Coughing, sore throats, feeling feverish, runny and stuffy noses, body aches, headaches, tiredness, and sometimes vomiting and diarrhea. These are the symptoms of influenza, also known as the flu. Much different from a cold, the flu comes with complications that could result in hospitalization, pneumonia, or sometimes even death. These concerns bring us to the annual flu shot investigation on whether the shot is necessary or not.
Every year the World Health Organization visits the flu strains that are circulating around the world. Canada’s National Advisory Committee on Immunization determines which of these strains are most likely to spread and make people the most ill. Strains change every year which is why patients need to get a shot every year.
The Manager of Vaccine Preventable Diseases Program at the Middlesex-London Health Unit (MLHU), Marlene Price explains a common misperception is that the flu shot is meant to give patients the flu. “It’s an inactivated vaccine, it’s a trigger for the body to recognize that there is an influenza strain virus there for the body to build that protection against the virus, so that after you’ve had a flu shot if you were to come in contact with influenza you would be protected against it.”
The flu season normally lasts from November to May, those who get flu shots will be protected for the entire season. However, how effective the flu shot is varies amongst the various risk groups.
“For healthy adults it ranges from about 69-90% effective. In children it’s a little bit less and for the elderly it’s about half of that. It’s still important the elderly get a flu shot because what the shot does is provide protection against the complications, which can result in hospitalizations and death,” says Price.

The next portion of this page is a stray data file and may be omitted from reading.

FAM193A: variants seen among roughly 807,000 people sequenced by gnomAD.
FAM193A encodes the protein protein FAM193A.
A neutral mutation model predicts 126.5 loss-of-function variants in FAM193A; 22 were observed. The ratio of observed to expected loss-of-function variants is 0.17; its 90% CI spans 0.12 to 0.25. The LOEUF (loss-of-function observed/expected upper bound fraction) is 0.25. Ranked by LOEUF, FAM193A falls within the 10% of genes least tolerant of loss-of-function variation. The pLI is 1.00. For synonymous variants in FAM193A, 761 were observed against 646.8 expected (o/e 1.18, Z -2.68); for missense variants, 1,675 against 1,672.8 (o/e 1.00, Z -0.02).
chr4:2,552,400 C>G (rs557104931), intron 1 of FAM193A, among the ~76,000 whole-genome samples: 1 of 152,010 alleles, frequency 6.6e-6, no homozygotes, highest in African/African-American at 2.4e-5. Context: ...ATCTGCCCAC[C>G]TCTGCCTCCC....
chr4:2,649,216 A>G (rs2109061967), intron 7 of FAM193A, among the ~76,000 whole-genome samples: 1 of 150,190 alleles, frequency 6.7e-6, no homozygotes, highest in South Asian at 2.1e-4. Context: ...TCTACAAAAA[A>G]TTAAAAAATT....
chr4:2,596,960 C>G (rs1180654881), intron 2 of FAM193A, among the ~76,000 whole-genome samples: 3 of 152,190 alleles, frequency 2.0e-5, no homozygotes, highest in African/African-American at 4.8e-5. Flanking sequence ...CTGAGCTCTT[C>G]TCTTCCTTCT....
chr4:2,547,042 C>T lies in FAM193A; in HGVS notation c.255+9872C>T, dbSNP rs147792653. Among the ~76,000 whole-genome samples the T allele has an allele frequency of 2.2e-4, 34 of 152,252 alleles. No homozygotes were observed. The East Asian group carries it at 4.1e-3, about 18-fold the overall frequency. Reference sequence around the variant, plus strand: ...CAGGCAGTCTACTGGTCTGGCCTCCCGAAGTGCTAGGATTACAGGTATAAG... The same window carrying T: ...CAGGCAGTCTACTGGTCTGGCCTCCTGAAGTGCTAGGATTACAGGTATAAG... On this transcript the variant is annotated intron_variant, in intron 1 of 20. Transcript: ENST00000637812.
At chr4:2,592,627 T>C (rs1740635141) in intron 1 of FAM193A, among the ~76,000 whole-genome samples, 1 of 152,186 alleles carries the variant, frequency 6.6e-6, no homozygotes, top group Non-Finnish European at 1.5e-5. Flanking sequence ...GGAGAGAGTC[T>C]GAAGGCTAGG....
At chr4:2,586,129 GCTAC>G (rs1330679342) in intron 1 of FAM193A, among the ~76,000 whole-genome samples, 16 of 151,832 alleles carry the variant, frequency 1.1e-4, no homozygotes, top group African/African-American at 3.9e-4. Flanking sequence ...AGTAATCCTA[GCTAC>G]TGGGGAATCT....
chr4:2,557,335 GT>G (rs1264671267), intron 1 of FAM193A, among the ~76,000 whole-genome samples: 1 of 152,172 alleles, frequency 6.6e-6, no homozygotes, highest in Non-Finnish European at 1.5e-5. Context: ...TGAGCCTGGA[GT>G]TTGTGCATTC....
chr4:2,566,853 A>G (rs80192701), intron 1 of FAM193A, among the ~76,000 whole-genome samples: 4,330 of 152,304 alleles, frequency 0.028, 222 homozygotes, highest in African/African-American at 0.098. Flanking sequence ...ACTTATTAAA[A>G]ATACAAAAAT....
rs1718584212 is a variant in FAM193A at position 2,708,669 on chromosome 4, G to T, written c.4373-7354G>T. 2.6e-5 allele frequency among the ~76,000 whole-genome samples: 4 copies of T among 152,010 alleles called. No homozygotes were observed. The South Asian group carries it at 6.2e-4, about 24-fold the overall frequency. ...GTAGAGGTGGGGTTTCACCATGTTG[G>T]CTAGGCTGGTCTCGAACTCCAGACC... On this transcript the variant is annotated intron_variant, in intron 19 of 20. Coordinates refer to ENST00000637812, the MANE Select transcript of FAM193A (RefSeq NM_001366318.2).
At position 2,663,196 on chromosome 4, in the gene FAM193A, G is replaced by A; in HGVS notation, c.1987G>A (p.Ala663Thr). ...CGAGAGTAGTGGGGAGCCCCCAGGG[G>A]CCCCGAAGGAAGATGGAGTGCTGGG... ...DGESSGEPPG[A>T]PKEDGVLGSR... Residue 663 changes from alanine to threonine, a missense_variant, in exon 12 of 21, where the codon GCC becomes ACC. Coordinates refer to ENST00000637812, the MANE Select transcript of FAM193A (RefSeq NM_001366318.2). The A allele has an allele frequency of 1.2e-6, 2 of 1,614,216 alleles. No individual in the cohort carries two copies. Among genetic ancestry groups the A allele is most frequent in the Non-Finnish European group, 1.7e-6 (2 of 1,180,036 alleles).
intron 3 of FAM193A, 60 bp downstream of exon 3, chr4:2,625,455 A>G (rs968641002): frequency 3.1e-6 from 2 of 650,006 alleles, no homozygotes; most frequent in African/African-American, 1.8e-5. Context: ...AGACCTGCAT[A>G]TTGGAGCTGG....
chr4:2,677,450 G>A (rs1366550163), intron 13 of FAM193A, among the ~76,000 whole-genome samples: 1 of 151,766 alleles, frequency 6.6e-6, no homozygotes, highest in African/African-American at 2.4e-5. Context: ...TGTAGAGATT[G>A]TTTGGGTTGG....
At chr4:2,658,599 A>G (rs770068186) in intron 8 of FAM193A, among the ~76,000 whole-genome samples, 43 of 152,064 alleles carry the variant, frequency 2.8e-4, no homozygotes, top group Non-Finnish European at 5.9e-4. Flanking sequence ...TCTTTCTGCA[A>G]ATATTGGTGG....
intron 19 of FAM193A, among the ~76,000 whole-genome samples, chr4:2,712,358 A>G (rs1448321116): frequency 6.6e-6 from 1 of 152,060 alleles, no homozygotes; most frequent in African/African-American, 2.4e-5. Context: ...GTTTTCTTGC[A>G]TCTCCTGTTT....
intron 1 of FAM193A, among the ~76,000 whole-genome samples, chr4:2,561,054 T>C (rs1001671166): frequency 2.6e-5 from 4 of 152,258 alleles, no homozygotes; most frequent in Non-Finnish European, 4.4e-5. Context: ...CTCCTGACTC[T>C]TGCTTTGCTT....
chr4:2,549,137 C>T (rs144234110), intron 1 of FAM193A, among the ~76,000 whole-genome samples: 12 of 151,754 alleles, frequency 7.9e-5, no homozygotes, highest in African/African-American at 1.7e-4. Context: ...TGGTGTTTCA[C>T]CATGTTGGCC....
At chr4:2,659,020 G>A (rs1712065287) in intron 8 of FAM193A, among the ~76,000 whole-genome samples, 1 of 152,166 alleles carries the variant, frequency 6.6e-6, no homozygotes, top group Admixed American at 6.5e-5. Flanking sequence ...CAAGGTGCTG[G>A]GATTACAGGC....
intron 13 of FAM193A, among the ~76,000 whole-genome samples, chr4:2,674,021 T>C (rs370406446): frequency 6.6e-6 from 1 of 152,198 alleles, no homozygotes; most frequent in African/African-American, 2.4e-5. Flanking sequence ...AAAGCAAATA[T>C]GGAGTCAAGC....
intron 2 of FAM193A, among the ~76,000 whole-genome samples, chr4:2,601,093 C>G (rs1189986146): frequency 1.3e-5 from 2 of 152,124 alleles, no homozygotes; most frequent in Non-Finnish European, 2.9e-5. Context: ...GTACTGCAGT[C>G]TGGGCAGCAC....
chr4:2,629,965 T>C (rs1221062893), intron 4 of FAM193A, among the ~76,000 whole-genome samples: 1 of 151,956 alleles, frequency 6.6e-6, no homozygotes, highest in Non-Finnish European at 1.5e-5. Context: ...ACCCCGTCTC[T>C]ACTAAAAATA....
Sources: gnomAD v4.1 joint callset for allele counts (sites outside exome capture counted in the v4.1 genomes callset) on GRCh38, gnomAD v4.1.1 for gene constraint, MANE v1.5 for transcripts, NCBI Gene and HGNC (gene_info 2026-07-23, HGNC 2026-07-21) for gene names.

“A lot of people don’t think influenza is a serious illness, but it can be.”
Influenza is one of the top 10 leading causes of death in Canada, just in Ontario there’s close to 14-thousand deaths each year. The vaccine in Ontario is recommended for anyone over the age of six months, especially the elderly over the age of 65 and young children under the age of five. Price reminds the public to consider getting the flu shot to protect yourself, or the people around you.
“Health care workers are another group that need to be immunized to protect the clients and patients they’re working with. Same with fire and ambulance, those groups as well. Indigenous people are another group and those with chronic diseases that make them more prone to influenza,” explains Price.
Family physicians, pharmacies, some workplaces and even post-secondary schools offer the flu shot. While physicians and pharmacies would require a health card, the Middlesex-London Health Unit does not. The MLHU is providing free flu vaccines this season during regular hours, or by appointment. Talk to your doctors if you’re unsure if the flu vaccine is a safe option for you, or to better understand the benefits and its risks.